BARCELONA, Spain (AP) — In a victory for millions of Spaniards who speak a language other than Spanish, the European nation’s Parliament allowed its national legislators to use Catalan, Basque and Galician for the first time on Tuesday.
Spain’s government is also trying to have Catalan, Basque and Galician recognized as languages that can be used in the European Union — even though that faces a much longer and apparently difficult path.
The right to speak languages other than Spanish in the national Parliament is a long-held objective of smaller parties from the regions in Spain’s north that have bilingual populations.
“(This change is) … to normalize something that is already common for citizens who speak a language other than Spanish,” said Socialist Party member José Ramón Besteiro, who alternated between Galician and Spanish to become the first lawmaker to take advantage of the modification.
The Madrid-based Parliament provided simultaneous translation with earpieces for the 350 members of the chamber as well as for the nationally televised transmission of the session.
This support of Spain’s minority languages comes as acting Prime Minister Pedro Sánchez is hoping to cobble together the backing from nationalist and even separatist parties from Catalonia and the Basque Country to form a new left-wing government.
The conservative opposition was against the reform, saying it would make debating more difficult. They also chided the Socialist Party for having caved in to pressure from Catalonia’s separatists.
“We all know that we are not here to promote the use of the languages,” said conservative Popular Party lawmaker Borja Sémper, peppering his speech with Basque to the surprise of many fellow lawmakers. “That only makes sense if we accept the deception, when there is only one problem: that Pedro Sánchez needs the votes of the separatists.”
Members of the far-right Vox party, which holds ultranationalist views toward Spain’s regional and linguistic diversity, walked out of the chamber when Besteiro and Sémper spoke.
Catalan is spoken by around nine million people in Spain’s northeast, its Balearic Islands, as well as a small population in France. Galician is spoken by some two million people in northwestern Spain, while Basque has 750,000 speakers in Spain’s Basque Country and Navarra regions.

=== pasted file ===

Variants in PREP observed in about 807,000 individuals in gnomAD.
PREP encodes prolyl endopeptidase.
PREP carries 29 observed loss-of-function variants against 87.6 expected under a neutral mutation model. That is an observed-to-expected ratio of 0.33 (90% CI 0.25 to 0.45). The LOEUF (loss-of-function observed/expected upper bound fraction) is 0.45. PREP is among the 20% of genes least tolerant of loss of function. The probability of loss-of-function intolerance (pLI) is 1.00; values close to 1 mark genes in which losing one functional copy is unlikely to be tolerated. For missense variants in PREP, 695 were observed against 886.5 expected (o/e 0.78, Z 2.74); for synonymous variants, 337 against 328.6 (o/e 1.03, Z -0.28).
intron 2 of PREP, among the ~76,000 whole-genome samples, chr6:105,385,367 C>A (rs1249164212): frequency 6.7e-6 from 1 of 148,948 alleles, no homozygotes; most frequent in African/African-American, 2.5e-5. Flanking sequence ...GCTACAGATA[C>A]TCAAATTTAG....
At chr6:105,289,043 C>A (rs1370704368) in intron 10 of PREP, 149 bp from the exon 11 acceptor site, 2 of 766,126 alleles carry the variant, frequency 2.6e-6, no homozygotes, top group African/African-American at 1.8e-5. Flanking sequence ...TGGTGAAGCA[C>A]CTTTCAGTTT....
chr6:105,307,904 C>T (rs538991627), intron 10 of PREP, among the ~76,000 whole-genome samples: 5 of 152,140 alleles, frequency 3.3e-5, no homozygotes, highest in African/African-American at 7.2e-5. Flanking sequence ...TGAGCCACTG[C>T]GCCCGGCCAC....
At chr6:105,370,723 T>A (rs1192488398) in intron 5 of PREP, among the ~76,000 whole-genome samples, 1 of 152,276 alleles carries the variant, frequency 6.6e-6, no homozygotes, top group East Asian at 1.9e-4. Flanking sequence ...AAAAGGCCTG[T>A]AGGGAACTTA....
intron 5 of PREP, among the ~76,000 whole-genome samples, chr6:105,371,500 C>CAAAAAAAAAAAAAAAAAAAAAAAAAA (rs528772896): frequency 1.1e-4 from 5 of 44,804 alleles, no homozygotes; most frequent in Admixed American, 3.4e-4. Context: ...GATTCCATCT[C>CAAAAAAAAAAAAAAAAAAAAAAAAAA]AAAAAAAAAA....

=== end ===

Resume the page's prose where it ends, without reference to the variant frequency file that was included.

Meanwhile in Brussels, the EU’s General Affairs Council debated the possible inclusion of the three languages but was unable to reach an agreement Tuesday. Some countries said they needed more time to study the proposal and its implications.
The EU already has 24 official languages, and the inclusion of Catalan, Basque and Galician could lead to pushes by other minority languages to be recognized from other parts of Europe. All 27 members of the EU must agree unanimously for any new language to enter force.
Sweden’s European Affairs Minister Jessika Roswall told reporters it’s too early to decide and that they need to look into the proposal from legal and financial perspectives.
“There are several, many, minority languages within the European Union which are not official languages,” Roswall said.
The European Commission, the EU’s executive branch, estimates that last year a total of around 355 million euros ($380 million) was spent to solely meet its translation needs.
Spain has recently offered to pick up the cost of the translation services for the new languages.
Spanish is also known as “castellano” or “Castilian” in Spain for its origins in the Kingdom of Castile. It is spoken throughout the country of 47 million people, including the regions where minority tongues survive.
Spain’s 1978 Constitution recognizes its minority languages as co-official along with Spanish in regions where they are spoken. Their use is common in regional parliaments and town halls.